How to Cook Wild Rice
When you thumb through cookbooks or surf the net looking for instructions on how to cook wild rice, you may be surprised to find out that wild rice isn't a rice at all, but instead a nutritious grain. In fact, it's the only cereal grain that's native to North America. Sometimes called the "caviar of grains," wild rice has a delicious nutty taste and a creamy consistency with a slight crunch that imparts extra flavor and texture to recipes. Wild rice can be expensive, so you might want to try mixing it with white or brown rice for a more budget-friendly side dish. The extra expense might be worth the additional nutritional benefits, too. Wild rice has fewer calories and more protein, fiber and certain vitamins than white rice. This recipe mixes wild and white rices, which both keeps your food costs down and--if you're serving wild rice for the first time--adds that familiar bit of fluffiness that your family might be used to. Just a 1/2 cup of wild rice makes this recipe go from good to excellent and adds elegance to an everyday dish.
What You'll Need
- 1 tablespoon olive oil
- 1 large onion, chopped (about 1 cup)
- 2 large carrots, chopped (about 1 cup)
- 2 stalks celery, sliced (about 1 cup)
- 2 cloves garlic, minced
- 3 1/2 cups Swanson® Vegetable Broth (Regular or Certified Organic)
- 1/2 cup uncooked wild rice
- 1 cup uncooked regular long-grain white rice
- 2 tablespoons chopped fresh parsley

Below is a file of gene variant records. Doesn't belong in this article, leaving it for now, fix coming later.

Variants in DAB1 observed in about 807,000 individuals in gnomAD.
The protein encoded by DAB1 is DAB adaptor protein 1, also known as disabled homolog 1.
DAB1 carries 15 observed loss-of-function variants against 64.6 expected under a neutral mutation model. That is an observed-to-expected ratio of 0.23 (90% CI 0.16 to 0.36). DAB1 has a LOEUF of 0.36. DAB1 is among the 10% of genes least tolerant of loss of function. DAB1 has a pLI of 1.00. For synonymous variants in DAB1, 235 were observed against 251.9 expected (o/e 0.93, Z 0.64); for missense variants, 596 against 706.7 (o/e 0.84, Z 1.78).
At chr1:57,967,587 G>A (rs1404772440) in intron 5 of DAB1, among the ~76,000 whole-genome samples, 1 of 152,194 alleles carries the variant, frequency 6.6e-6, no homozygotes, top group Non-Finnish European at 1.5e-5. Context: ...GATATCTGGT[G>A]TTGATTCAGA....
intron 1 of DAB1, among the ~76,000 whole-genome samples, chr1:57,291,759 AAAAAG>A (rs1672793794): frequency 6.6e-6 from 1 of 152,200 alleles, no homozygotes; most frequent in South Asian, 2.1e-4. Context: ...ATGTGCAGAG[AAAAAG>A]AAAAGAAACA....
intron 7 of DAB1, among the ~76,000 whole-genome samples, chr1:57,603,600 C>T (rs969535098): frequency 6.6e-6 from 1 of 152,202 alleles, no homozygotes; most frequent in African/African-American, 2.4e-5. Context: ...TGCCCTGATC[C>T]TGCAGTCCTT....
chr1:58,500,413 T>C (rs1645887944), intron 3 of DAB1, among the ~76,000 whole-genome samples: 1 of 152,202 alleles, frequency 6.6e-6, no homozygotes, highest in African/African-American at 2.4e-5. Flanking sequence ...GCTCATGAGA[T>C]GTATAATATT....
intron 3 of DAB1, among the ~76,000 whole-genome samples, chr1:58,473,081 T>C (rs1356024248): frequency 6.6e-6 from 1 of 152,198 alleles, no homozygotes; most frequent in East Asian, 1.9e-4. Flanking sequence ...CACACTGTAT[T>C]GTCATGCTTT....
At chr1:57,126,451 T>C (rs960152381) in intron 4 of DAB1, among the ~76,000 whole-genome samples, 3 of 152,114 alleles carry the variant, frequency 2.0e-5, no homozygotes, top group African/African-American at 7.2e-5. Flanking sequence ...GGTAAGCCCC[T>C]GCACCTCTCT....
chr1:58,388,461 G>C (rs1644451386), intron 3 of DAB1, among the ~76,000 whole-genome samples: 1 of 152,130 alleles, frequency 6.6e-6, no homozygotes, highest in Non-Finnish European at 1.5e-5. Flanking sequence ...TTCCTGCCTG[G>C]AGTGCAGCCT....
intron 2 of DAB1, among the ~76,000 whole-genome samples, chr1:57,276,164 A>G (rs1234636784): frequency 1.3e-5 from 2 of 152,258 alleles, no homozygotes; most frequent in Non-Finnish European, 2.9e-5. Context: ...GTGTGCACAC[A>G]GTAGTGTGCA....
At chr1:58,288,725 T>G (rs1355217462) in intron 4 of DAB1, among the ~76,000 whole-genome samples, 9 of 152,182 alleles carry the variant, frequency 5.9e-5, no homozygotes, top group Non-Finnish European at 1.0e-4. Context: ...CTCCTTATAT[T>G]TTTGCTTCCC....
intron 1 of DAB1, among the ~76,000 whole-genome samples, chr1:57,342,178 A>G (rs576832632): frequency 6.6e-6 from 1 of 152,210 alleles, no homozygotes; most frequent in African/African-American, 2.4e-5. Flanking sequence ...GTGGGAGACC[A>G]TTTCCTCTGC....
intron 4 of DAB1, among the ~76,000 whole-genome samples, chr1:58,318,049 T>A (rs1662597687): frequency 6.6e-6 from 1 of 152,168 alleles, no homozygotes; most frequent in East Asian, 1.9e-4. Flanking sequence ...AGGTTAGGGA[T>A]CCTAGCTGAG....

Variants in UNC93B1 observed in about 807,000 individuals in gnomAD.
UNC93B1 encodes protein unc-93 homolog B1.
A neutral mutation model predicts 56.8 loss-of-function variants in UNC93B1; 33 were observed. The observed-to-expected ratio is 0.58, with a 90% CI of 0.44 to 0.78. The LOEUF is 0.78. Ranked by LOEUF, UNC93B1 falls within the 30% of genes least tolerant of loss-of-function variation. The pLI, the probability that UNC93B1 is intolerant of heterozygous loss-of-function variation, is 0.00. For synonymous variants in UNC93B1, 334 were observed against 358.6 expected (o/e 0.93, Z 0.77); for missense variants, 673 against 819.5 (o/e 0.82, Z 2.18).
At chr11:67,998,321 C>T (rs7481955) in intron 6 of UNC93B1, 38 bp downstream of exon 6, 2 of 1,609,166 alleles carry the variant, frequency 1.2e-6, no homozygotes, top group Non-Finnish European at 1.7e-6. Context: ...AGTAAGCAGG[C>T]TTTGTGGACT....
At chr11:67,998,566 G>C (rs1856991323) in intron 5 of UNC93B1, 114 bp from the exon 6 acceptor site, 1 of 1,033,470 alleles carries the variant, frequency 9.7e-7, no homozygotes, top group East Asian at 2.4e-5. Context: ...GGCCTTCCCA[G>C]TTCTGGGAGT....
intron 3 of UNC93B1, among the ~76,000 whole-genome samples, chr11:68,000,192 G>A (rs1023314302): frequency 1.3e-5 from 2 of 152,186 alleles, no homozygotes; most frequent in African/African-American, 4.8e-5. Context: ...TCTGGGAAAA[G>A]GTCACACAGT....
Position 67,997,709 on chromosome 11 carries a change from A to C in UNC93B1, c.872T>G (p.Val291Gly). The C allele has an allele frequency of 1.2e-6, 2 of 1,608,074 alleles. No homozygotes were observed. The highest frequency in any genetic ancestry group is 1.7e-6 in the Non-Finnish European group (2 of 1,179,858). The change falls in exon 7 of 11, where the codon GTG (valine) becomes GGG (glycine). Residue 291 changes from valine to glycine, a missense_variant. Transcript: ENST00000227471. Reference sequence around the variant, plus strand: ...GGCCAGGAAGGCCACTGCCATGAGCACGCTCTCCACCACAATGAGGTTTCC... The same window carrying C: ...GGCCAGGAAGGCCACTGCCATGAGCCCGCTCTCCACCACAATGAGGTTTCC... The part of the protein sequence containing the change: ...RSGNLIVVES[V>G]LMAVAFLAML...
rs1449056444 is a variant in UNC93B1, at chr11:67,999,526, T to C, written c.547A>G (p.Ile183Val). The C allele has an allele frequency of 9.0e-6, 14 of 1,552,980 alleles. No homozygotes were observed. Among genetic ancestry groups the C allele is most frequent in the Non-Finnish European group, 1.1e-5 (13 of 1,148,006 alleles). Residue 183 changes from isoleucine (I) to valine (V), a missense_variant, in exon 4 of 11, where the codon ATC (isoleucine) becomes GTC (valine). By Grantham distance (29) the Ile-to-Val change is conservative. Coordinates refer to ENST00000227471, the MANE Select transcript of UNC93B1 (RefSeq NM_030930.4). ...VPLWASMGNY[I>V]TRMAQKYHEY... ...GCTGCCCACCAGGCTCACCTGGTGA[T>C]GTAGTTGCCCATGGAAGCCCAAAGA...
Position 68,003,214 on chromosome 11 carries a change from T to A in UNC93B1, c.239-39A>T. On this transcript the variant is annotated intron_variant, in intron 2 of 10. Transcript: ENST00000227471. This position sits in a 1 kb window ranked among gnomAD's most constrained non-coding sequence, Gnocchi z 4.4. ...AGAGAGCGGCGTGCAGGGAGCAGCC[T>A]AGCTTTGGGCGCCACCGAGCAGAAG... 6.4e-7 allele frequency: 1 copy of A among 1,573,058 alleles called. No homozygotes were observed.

Step By Step
Heat the oil in a 12-inch nonstick skillet over medium heat. Add the onion, carrots, celery and garlic and cook until the vegetables are tender.
Stir the broth and wild rice in the skillet and heat to a boil. Reduce the heat to low. Cover and cook for 25 minutes.
Stir in the white rice. Cover and cook for 20 minutes or until the rice is tender. Sprinkle with the parsley.
Wild rice is a relatively expensive ingredient, but a little goes a long way. The 1/2 cup in this recipe lends texture and a rich nutty flavor.
Wild-rice pilaf goes well as a side-dish for smoked, poached or grilled fish or shellfish and complements other entrees such as chicken, pork, veal or even beef. If you prefer, you can choose other vegetables your family likes as substitutes for the onion, carrots, celery and garlic that are used in this recipe. Once you have the hang of how to cook wild rice, try experimenting by adding in nuts, fruits, crumbled sausage or cheese, ingredients that are part of many wild-rice pilaf recipes.
You might even think about adding wild rice to other rice dishes you cook, such as stuffings, salads, casseroles, soups and even rice pudding.